Windows 11 brings a lot of enhancements in multiple departments. The OS improves upon a lot of aspects, such as performance, design, user experience, and security. In fact, when Microsoft launched Windows 11, they declared it their most secure version of the OS ever.
And certainly, Windows 11 is big on security. Microsoft has always been a little behind in the security lane for their OS as compared to Apple over the past years. But they’re definitely stepping up with the Windows 11 upgrade. In a completely unprecedented move, Windows 11 requires essential hardware security to upgrade. Even if it means that not all PCs will be able to enjoy the upgrade, Microsoft has taken the bold step.
But some users in the community have interpreted this to mean that Windows 11 no longer needs antivirus software. So, let’s bust some myths and examine the whole situation under a microscopic lens, if you will, so you can use your system fearlessly.
What does the Hardware Security Mean for Windows 11?
To install Windows 11 on a PC, you need a machine that’s capable of Secure Boot and has a TPM 2.0 chip. The secure boot capability ensures that your PC is secure during the booting process and malware can’t attack it during booting.
TPM, or Trusted Platform Module, is a chip in your computer that provides hardware-based, security-related functions on your system. Hardware-based security is much more invulnerable than software-based security.
TPM is used to store cryptographic functions. Storing them in the TPM makes them more secure instead of implementing them in the software. Software-based random-number security algorithms are more susceptible to hacking than TPM. A lot of programs on your PC – like Chrome, Outlook, Firefox, etc. – use TPM for encryption when it is available. The Windows Hello security system also uses TPM to encrypt your credentials.
TPM is a literal powerhouse when it comes to security. And the combination of both – shielding the booting process and protecting cryptographic functions in hardware – make Windows 11 the most secure OS till now.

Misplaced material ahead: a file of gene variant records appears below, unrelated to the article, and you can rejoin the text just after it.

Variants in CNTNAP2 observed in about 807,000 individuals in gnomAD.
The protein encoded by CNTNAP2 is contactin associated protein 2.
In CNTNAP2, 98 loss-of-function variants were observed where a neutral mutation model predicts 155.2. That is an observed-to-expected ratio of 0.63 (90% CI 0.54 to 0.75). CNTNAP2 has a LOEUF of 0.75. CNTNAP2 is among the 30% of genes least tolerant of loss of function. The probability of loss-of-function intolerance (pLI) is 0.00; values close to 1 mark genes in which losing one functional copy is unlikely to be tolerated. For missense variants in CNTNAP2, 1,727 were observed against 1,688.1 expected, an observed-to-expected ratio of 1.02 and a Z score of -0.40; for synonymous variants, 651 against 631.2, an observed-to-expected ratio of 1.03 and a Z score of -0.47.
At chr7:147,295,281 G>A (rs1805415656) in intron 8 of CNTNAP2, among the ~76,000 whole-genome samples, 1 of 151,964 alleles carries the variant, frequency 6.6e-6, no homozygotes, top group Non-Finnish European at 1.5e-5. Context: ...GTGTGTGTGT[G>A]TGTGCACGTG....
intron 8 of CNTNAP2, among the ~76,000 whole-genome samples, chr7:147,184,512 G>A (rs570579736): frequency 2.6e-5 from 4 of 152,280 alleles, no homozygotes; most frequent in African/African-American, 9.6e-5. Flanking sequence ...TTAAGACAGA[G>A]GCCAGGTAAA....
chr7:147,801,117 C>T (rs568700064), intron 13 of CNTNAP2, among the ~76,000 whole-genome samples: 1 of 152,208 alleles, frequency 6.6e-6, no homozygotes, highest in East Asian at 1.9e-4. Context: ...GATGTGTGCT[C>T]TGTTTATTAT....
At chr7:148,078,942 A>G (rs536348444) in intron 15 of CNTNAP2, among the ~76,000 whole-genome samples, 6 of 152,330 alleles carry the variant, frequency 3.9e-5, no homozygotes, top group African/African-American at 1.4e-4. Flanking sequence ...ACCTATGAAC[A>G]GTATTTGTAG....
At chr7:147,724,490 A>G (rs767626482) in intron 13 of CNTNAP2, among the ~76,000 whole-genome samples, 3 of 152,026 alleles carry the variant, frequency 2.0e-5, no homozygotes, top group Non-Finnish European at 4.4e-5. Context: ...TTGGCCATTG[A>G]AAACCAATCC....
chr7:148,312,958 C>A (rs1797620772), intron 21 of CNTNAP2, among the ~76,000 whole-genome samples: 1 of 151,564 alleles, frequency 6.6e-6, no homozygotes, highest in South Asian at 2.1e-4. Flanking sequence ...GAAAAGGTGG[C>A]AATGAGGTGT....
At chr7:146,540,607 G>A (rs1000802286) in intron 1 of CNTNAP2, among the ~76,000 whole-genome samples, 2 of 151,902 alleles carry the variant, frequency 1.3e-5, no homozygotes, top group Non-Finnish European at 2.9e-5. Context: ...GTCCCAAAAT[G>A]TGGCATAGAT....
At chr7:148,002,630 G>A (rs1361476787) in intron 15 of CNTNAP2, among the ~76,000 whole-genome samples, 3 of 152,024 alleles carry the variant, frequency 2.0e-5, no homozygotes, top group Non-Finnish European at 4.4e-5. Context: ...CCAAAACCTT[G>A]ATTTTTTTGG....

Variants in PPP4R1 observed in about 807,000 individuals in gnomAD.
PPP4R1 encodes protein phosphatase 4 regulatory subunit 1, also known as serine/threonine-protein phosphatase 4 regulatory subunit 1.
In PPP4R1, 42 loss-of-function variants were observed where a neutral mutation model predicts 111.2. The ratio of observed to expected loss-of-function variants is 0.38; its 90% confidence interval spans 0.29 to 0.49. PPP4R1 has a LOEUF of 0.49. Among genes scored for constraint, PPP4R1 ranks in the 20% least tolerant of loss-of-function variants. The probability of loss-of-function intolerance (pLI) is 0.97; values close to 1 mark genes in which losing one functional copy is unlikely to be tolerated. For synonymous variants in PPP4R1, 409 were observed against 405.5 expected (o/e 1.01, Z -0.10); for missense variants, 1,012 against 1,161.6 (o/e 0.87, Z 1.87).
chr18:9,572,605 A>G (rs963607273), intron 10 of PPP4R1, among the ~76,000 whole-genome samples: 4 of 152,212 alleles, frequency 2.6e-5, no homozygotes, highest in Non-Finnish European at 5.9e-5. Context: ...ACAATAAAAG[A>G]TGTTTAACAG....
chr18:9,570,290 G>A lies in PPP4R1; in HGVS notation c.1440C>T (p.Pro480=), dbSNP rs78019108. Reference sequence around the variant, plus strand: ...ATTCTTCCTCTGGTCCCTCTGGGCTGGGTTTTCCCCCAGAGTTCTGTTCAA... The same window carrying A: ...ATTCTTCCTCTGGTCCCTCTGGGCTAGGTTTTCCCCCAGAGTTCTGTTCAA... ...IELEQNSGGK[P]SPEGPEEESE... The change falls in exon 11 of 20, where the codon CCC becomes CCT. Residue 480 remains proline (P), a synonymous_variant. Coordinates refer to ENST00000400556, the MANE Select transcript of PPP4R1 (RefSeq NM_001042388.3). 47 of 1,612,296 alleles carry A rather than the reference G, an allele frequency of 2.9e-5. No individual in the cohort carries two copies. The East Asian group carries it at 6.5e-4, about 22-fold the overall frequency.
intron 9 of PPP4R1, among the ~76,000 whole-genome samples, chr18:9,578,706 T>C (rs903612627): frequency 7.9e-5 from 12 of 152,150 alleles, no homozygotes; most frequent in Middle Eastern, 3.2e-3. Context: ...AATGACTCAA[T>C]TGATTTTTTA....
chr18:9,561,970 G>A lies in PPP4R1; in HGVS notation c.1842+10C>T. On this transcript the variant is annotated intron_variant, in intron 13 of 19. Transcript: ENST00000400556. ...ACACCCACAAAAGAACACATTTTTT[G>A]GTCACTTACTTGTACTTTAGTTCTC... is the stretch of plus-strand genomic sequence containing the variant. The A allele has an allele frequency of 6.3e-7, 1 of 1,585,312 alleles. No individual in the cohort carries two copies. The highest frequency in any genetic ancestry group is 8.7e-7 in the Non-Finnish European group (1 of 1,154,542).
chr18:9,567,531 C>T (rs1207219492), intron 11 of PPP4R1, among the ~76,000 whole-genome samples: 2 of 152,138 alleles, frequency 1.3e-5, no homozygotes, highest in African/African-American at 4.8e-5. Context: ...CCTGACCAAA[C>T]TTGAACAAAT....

So, the requirement of TPM and Secure Boot does make it seem like Windows 11 is completely invulnerable. But that’s not the case. Even though they protect your PC against a wide range of attacks, the modern computer is still vulnerable to many types of attacks.
The Need for an Antivirus in Windows 11
Sure, Windows 11 has eliminated a wide class of malware attacks. Many attacks that gain access to your PC even before the boot process is complete find themselves neutralized in Windows 11. But what about the other attacks?
Viruses are the bane of our digital existence and they have been for decades now. These unwanted programs that enter our system without our knowledge can wreak so much havoc. But antivirus software isn’t just limited to protecting our system against traditional viruses. In fact, still calling it just an “antivirus” isn’t even justified. That’s why a lot of services don’t do that anymore.
These programs provide total security that involves protection against viruses, internet security, protection against ransomware, parental controls, etc.
But the good news is you don’t need a third-party antivirus in Windows 11. The built-in Microsoft Defender is more than capable to protect your computer from threats.
Microsoft Defender to the Rescue
Microsoft Defender, previously known as Windows Defender, is a free, built-in antivirus program that has been around in Windows in one shape or another for quite some time now. Previously, the antivirus wasn’t enabled by default. Starting from Windows 10, the program is enabled automatically in the absence of a third-party antivirus. However, it does go into a sort of suspended animation automatically when it detects third-party antivirus to avoid any conflicts.
So, if you don’t want to install a third-party antivirus in Windows 11, you don’t have to. Microsoft Defender will protect you against viruses and malware. In addition, it also provides internet security, account protection, firewall & network protection, app & browser control, measures to check device health and performance, device security, and parental controls.
It even provides protection against simple ransomware. You can enable “Controlled Folder Access” to prevent unknown applications from making changes to your files and folders.
There are some perks of using Microsoft Defender. The program is in-built and automatically enabled in Windows 11. You don’t have to install it like any other third-party software. It’s also free to use and, unlike many antivirus software out there, it doesn’t put too much strain on the resources.
You can also schedule periodic scans as per your suitability. Over the years, it has also improved drastically performing excellently in lab tests against other antivirus programs.
Windows 11 also makes it extremely easy to manage the defender through the central console.
Read: How to Enable or Disable Microsoft Defender in Windows 11 to learn to effectively use the program.
Microsoft Defender has come a long way since its initial days. For most users, the antivirus is more than capable. The combination of hardware security and Microsoft Defender makes Windows 11 the most secure OS from Microsoft to date.